Significance: Anti-Nfasc155 and anti-CNTN1 antibodies target the the paranodal axo-glial domain but are associated with nerve conduction abnormalities mimicking a "demyelinating" neuropathy.
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http://dx.doi.org/10.1016/j.clinph.2020.01.013DOI Listing
April 2020

Antibodies to neurofascin, contactin-1, and contactin-associated protein 1 in CIDP: Clinical relevance of IgG isotype.

Neurol Neuroimmunol Neuroinflamm 2020 01 21;7(1). Epub 2019 Nov 21.

From the Department of Brain and Behavioral Sciences (A.C., I.C., G.C., R.C., E.V.), University of Pavia, Pavia, Italy; Department of Neuromuscular Disease (A.C.), UCL Queen Square Institute of Neurology, London, United Kingdom; Neuroalgology Unit (R.L., P.D., L.P., G.L.), IRCCS Fondazione Istituto Neurologico "Carlo Besta," Milan, Italy; Department of Neurosciences (C.B., M.R., A.S.), University of Padova, Padova, Italy; IRCCS Mondino Foundation (I.C., G.C., E.Z., R.C., M.G., E.V., E.A., A.B., D.F.), Pavia, Italy; Department of Neuroscience (L.B., C.D.M., A.S.), Rehabilitation, Ophthalmology, Genetics, Maternal and Child Health (DiNOGMI), University of Genova, Genova, Italy; IRCCS Ospedale Policlinico San Martino (L.B., C.D.M., A.S.), Genova, Italy; Department of Neurosciences (F.M., E.S., A.T.), Odontostomatological and Reproductive Sciences, University of Naples "Federico II," Naples, Italy; Fondazione Policlinico Universitario Agostino Gemelli-IRCCS. UOC Neurologia (M.L., A.R., M.S.), Rome, Italy; Università Cattolica del Sacro Cuore (M.L., A.R., M.S.), Rome, Italy; Section of Neurology (S.F., S.M.), Department of Neuroscience, Biomedicine and Movement Sciences, University of Verona, Verona, Italy; Department of Neurology and Stroke Unit (A.M.C.), Ospedale di Circolo/Fondazione Macchi, Varese, Italy; Department of Systems Medicine (G.A.M., G.M.), University of Rome Tor Vergata, Rome, Italy; Neurological Department (A.R.), ASST Lecco; Ospedale Treviglio ASST Bergamo Ovest (M.C.), Italy; Department of Neurology (R.F., F.C.), San Raffaele Scientific Institute, Milan, Italy; Department of Neurorehabilitation Sciences (M.C.), Casa Cura Policlinico (CCP), Milan, Italy; Department of Clinical and Experimental Medicine (A.M.), University of Messina, Messina, Italy; Department of Medicine, Surgery and Neurosciences (F.G.), University of Siena, Italy; Referral Center for Neuromuscular Diseases and ALS (L.K., E.M.), AP-HM, Timone University Hospital, Marseille, France; Université de Bordeaux (C.M.), Interdisciplinary Institute for Neuroscience, Bordeaux, France; Humanitas Clinical and Research Center (C.G., P.D., E.N.-O.), Milan University, Milan, Italy; IRCCS Centro Neurolesi "Bonino Pulejo" (C.S.), Messina, Italy; Department of Biomedical and Clinical Sciences "Luigi Sacco" (G.B., G.L.), University of Milan, Milan, Italy; and Institute for Neurosciences of Montpellier (J.D.), INSERM U1051, Montpellier University, Hopital Saint Eloi, Montpellier, France.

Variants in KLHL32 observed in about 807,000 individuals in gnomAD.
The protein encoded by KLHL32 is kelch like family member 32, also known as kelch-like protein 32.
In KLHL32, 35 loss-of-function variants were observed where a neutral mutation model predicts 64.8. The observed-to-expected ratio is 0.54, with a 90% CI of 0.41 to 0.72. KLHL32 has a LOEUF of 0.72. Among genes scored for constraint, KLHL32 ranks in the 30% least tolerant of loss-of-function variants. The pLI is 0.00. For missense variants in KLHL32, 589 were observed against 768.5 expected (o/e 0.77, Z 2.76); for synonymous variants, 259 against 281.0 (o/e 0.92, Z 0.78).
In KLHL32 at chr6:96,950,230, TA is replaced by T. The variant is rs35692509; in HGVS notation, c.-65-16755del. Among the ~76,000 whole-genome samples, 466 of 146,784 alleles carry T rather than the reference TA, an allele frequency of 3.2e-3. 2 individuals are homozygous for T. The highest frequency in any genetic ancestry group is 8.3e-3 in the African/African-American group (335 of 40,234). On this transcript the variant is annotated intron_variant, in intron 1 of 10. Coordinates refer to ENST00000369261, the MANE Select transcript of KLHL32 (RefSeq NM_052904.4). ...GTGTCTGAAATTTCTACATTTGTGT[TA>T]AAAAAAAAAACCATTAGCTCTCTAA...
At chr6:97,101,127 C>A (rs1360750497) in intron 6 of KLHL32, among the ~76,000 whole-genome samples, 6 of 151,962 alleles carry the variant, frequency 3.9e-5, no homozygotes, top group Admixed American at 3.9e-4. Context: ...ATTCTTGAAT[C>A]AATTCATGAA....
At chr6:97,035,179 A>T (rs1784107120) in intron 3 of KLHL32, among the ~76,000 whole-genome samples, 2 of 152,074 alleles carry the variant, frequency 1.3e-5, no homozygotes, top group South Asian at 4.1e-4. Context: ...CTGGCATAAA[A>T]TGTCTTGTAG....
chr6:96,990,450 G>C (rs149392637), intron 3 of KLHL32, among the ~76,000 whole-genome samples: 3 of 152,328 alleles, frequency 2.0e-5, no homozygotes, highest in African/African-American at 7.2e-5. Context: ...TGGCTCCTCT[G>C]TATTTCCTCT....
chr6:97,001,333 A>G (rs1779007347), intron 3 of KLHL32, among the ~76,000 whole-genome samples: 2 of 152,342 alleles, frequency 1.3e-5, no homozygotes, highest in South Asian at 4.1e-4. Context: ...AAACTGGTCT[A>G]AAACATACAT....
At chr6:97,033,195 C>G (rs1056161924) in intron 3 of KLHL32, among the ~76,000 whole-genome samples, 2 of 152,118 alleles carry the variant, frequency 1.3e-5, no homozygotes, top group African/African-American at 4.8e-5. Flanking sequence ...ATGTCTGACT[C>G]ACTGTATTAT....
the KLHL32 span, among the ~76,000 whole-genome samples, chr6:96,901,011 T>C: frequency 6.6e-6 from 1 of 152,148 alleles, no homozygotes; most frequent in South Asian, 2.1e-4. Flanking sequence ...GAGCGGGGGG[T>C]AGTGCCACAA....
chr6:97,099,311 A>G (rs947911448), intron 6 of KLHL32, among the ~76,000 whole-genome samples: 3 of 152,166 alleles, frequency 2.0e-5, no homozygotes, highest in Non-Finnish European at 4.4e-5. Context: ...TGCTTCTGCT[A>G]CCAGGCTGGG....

Objective: To assess the prevalence and isotypes of anti-nodal/paranodal antibodies to nodal/paranodal proteins in a large chronic inflammatory demyelinating polyradiculoneuropathy (CIDP) cohort, compare clinical features in seronegative vs seropositive patients, and gather evidence of their isotype-specific pathogenic role.

Methods: Antibodies to neurofascin-155 (Nfasc155), neurofascin-140/186 (Nfasc140/186), contactin-1 (CNTN1), and contactin-associated protein 1 (Caspr1) were detected with ELISA and/or cell-based assay. Antibody pathogenicity was tested by immunohistochemistry on skin biopsy, intraneural injection, and cell aggregation assay.

Results: Of 342 patients with CIDP, 19 (5.5%) had antibodies against Nfasc155 (n = 9), Nfasc140/186 and Nfasc155 (n = 1), CNTN1 (n = 3), and Caspr1 (n = 6). Antibodies were absent from healthy and disease controls, including neuropathies of different causes, and were mostly detected in patients with European Federation of Neurological Societies/Peripheral Nerve Society (EFNS/PNS) definite CIDP (n = 18). Predominant antibody isotypes were immunoglobulin G (IgG)4 (n = 13), IgG3 (n = 2), IgG1 (n = 2), or undetectable (n = 2). IgG4 antibody-associated phenotypes included onset before 30 years, severe neuropathy, subacute onset, tremor, sensory ataxia, and poor response to intravenous immunoglobulin (IVIG). Immunosuppressive treatments, including rituximab, cyclophosphamide, and methotrexate, proved effective if started early in IVIG-resistant IgG4-seropositive cases. Five patients with an IgG1, IgG3, or undetectable isotype showed clinical features indistinguishable from seronegative patients, including good response to IVIG. IgG4 autoantibodies were associated with morphological changes at paranodes in patients' skin biopsies. We also provided preliminary evidence from a single patient about the pathogenicity of anti-Caspr1 IgG4, showing their ability to penetrate paranodal regions and disrupt the integrity of the Nfasc155/CNTN1/Caspr1 complex.

Conclusions: Our findings confirm previous data on the tight clinico-serological correlation between antibodies to nodal/paranodal proteins and CIDP. Despite the low prevalence, testing for their presence and isotype could ultimately be part of the diagnostic workup in suspected inflammatory demyelinating neuropathy to improve diagnostic accuracy and guide treatment.

Classification Of Evidence: This study provides Class III evidence that antibodies to nodal/paranodal proteins identify patients with CIDP (sensitivity 6%, specificity 100%).
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http://dx.doi.org/10.1212/NXI.0000000000000639DOI Listing
http://www.ncbi.nlm.nih.gov/pmc/articles/PMC6935837PMC
January 2020